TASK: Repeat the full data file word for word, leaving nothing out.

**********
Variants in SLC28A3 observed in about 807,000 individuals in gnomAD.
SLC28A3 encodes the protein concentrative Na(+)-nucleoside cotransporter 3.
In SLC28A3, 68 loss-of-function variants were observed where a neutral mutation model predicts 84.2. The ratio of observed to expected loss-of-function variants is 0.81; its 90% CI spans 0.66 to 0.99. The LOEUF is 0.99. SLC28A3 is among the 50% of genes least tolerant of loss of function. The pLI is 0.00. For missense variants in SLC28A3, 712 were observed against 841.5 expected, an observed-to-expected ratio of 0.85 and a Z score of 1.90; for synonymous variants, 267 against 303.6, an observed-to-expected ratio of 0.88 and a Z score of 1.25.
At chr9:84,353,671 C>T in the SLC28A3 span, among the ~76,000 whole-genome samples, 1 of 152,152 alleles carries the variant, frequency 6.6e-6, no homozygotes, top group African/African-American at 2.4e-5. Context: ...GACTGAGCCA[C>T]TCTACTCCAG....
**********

Variants in SLC28A3 observed in about 807,000 individuals in gnomAD.
SLC28A3 encodes the protein concentrative Na(+)-nucleoside cotransporter 3.
In SLC28A3, 68 loss-of-function variants were observed where a neutral mutation model predicts 84.2. The ratio of observed to expected loss-of-function variants is 0.81; its 90% CI spans 0.66 to 0.99. The LOEUF is 0.99. SLC28A3 is among the 50% of genes least tolerant of loss of function. The pLI is 0.00. For missense variants in SLC28A3, 712 were observed against 841.5 expected, an observed-to-expected ratio of 0.85 and a Z score of 1.90; for synonymous variants, 267 against 303.6, an observed-to-expected ratio of 0.88 and a Z score of 1.25.
At chr9:84,353,671 C>T in the SLC28A3 span, among the ~76,000 whole-genome samples, 1 of 152,152 alleles carries the variant, frequency 6.6e-6, no homozygotes, top group African/African-American at 2.4e-5. Context: ...GACTGAGCCA[C>T]TCTACTCCAG....